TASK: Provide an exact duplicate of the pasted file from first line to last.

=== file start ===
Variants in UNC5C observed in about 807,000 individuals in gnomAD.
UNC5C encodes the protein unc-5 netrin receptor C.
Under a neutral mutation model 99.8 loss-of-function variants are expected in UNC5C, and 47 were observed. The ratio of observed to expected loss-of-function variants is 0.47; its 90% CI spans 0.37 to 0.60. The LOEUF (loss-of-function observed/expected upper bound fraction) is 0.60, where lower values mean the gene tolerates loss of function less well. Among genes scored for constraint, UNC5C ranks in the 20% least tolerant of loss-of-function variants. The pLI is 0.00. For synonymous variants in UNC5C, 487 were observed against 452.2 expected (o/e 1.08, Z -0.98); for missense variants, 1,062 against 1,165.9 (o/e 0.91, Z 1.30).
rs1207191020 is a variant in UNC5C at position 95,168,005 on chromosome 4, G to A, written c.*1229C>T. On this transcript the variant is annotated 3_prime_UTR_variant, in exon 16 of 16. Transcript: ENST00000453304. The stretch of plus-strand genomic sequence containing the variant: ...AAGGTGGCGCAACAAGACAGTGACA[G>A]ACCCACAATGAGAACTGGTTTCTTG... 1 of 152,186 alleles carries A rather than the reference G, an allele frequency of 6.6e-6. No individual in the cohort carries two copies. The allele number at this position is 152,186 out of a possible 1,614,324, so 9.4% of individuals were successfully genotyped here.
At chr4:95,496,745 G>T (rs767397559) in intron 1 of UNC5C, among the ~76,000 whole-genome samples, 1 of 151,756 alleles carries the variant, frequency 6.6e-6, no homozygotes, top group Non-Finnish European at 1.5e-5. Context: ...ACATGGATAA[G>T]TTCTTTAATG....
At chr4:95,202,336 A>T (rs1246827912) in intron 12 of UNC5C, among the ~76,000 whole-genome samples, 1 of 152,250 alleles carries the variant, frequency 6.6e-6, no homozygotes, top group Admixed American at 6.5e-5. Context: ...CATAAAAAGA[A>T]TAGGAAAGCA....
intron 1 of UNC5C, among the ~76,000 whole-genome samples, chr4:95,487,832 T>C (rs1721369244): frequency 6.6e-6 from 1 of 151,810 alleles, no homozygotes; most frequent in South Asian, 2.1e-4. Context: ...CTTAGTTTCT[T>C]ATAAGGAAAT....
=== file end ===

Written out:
Variants in UNC5C observed in about 807,000 individuals in gnomAD.
UNC5C encodes the protein unc-5 netrin receptor C.
Under a neutral mutation model 99.8 loss-of-function variants are expected in UNC5C, and 47 were observed. The ratio of observed to expected loss-of-function variants is 0.47; its 90% CI spans 0.37 to 0.60. The LOEUF (loss-of-function observed/expected upper bound fraction) is 0.60, where lower values mean the gene tolerates loss of function less well. Among genes scored for constraint, UNC5C ranks in the 20% least tolerant of loss-of-function variants. The pLI is 0.00. For synonymous variants in UNC5C, 487 were observed against 452.2 expected (o/e 1.08, Z -0.98); for missense variants, 1,062 against 1,165.9 (o/e 0.91, Z 1.30).
rs1207191020 is a variant in UNC5C at position 95,168,005 on chromosome 4, G to A, written c.*1229C>T. On this transcript the variant is annotated 3_prime_UTR_variant, in exon 16 of 16. Transcript: ENST00000453304. The stretch of plus-strand genomic sequence containing the variant: ...AAGGTGGCGCAACAAGACAGTGACA[G>A]ACCCACAATGAGAACTGGTTTCTTG... 1 of 152,186 alleles carries A rather than the reference G, an allele frequency of 6.6e-6. No individual in the cohort carries two copies. The allele number at this position is 152,186 out of a possible 1,614,324, so 9.4% of individuals were successfully genotyped here.
At chr4:95,496,745 G>T (rs767397559) in intron 1 of UNC5C, among the ~76,000 whole-genome samples, 1 of 151,756 alleles carries the variant, frequency 6.6e-6, no homozygotes, top group Non-Finnish European at 1.5e-5. Context: ...ACATGGATAA[G>T]TTCTTTAATG....
At chr4:95,202,336 A>T (rs1246827912) in intron 12 of UNC5C, among the ~76,000 whole-genome samples, 1 of 152,250 alleles carries the variant, frequency 6.6e-6, no homozygotes, top group Admixed American at 6.5e-5. Context: ...CATAAAAAGA[A>T]TAGGAAAGCA....
intron 1 of UNC5C, among the ~76,000 whole-genome samples, chr4:95,487,832 T>C (rs1721369244): frequency 6.6e-6 from 1 of 151,810 alleles, no homozygotes; most frequent in South Asian, 2.1e-4. Context: ...CTTAGTTTCT[T>C]ATAAGGAAAT....